Anchored about 7 am in Goose Fiord. Very windy 14 knots in the bay but stronger outside the fiord. Cloudy 4 degrees. We went ashore and my group walked to the stream and I loved the colours of the grass and plants…. Reds, yellows and creamy colours..little tiny daisies. Two Ravens were flying about. Back to the ship by11 am, some groups hiked to the ridge and saw into the next fiord but it was too steep for me! 😬😬
Some of the walkers saw a ptarmigan bird, beautiful white snow hens!
Pm. Anchor up … Meghna Dan Glacier. The skipper moved the ship to the glacier face, no mean feat as this is uncharted!! Spectacular landscape seemed like we were in another world the glacier cracked and boomed and calved creating spectacle after spectacle. Then we got taken in the zodiacs up close, well as close as they dare; the zodiacs were shifting ice and manouvering around small icebergs. Again the glacier calved right in front of us.. A very special day and special place!
Above: The Meghna Dan Glacier ‘calving’.
Below: a panoramic view
11-30 pm a party went ashore to shoot the aurora, a first ever as in the dark it could be dangerous if a polar bear appeared!! This was Hadleighs dream to land at night! I stayed ashore and shot the aurora. It was a spectacle unlike I’ve ever seen, a silent opera, or an elegant ballet…the aurora danced all around the sky, north, south, east and west. WOW!!!
We Woke to a lovely sunny clear day but windy on shore, plumes of dust were being blown around the receding glacier to our left. This is as far west as any ship goes in this system of fiords. On shore were 10 musk ox and I saw several of them; I also saw an arctic hare – however no great photos! Moved ship a few miles. After lunch we did a zodiac trip and learnt more about the terrain and mountains. I saw a duck today maybe a Gullimot – We are anchored at Husky Bay adjacent to a huge iceberg and the glacier face… and it’s warmer 8 degrees!! Not a cloud in the sky! Pretty tired actually but everyone is. Watched the aurora last night until 1 am. Tried to send emails but no luck😬 there is no internet in these parts! My hair looks like straw!! Oh well… woolly hats and Buffs cover it most of the day! Tonight there is a BBQ up on deck. We are heading out of this fjord now 5-20 pm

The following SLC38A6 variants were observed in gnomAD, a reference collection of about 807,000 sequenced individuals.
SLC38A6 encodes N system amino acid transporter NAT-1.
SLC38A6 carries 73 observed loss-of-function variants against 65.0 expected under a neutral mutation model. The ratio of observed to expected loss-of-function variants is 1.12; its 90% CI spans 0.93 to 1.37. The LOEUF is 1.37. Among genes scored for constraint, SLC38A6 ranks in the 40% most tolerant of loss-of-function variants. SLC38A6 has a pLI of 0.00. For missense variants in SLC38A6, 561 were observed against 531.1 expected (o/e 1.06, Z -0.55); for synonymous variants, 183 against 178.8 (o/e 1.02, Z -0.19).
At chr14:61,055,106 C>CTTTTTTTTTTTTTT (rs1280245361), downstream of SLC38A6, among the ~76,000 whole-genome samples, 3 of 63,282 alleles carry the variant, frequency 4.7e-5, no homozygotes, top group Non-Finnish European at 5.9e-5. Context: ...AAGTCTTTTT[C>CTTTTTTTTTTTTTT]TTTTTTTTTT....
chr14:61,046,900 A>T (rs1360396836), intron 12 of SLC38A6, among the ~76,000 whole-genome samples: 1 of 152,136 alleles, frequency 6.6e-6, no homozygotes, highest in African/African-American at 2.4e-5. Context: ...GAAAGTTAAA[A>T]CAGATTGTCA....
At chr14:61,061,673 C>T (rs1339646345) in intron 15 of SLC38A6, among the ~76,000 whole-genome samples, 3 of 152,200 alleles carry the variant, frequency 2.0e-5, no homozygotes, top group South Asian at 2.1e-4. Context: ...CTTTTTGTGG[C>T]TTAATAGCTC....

BBQ on deck 5 – tables and seats, mulled wine, ribs, steak, chicken, baked potatoe, salads etc. berry crumble 😍 but it was freezing. We sat with Kirk and Chris, lots of laughs. The younger folk danced to blaring Greenlandic music as the sun set. I went to bed early!
Clear skies, beautiful dawn with a crescent moon. It is very peaceful in these fiords and yet they are seriously inhospitable if you should find yourself out in the weather unprepared or heaven forbid in the water. You have 3 minutes to get out of the water before you perish supposedly, I wasn’t about to test the theory!!
A Polar Bear Skull
Expedition Morning: Gåsefjord. Landing at Krogen Polar Bear search day!!